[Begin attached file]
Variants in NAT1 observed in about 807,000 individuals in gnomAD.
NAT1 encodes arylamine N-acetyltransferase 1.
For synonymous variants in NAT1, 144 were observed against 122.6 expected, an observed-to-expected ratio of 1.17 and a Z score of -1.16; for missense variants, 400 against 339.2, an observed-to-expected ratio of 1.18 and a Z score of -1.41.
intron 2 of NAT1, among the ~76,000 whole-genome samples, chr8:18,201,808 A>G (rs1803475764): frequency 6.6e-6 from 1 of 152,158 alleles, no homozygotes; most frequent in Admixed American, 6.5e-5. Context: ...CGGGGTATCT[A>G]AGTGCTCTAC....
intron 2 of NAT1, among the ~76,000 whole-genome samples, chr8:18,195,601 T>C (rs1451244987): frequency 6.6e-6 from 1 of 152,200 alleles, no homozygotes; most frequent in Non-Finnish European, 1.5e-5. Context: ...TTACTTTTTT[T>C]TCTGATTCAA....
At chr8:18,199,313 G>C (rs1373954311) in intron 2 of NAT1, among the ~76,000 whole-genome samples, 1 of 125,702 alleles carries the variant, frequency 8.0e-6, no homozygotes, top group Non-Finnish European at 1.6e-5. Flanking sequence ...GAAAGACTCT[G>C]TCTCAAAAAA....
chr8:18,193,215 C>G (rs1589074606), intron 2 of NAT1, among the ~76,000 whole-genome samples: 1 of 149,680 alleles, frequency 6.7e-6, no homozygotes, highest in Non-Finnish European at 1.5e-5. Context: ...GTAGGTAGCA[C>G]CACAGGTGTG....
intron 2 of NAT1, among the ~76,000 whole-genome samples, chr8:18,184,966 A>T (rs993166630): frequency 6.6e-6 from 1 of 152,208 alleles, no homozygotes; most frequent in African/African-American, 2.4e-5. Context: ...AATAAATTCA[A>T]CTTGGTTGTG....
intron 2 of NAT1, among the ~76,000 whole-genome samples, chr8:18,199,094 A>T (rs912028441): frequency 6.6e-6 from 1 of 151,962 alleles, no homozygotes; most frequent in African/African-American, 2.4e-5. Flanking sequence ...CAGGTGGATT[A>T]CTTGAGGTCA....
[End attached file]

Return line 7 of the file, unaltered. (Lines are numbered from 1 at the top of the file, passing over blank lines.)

chr8:18,193,215 C>G (rs1589074606), intron 2 of NAT1, among the ~76,000 whole-genome samples: 1 of 149,680 alleles, frequency 6.7e-6, no homozygotes, highest in Non-Finnish European at 1.5e-5. Context: ...GTAGGTAGCA[C>G]CACAGGTGTG....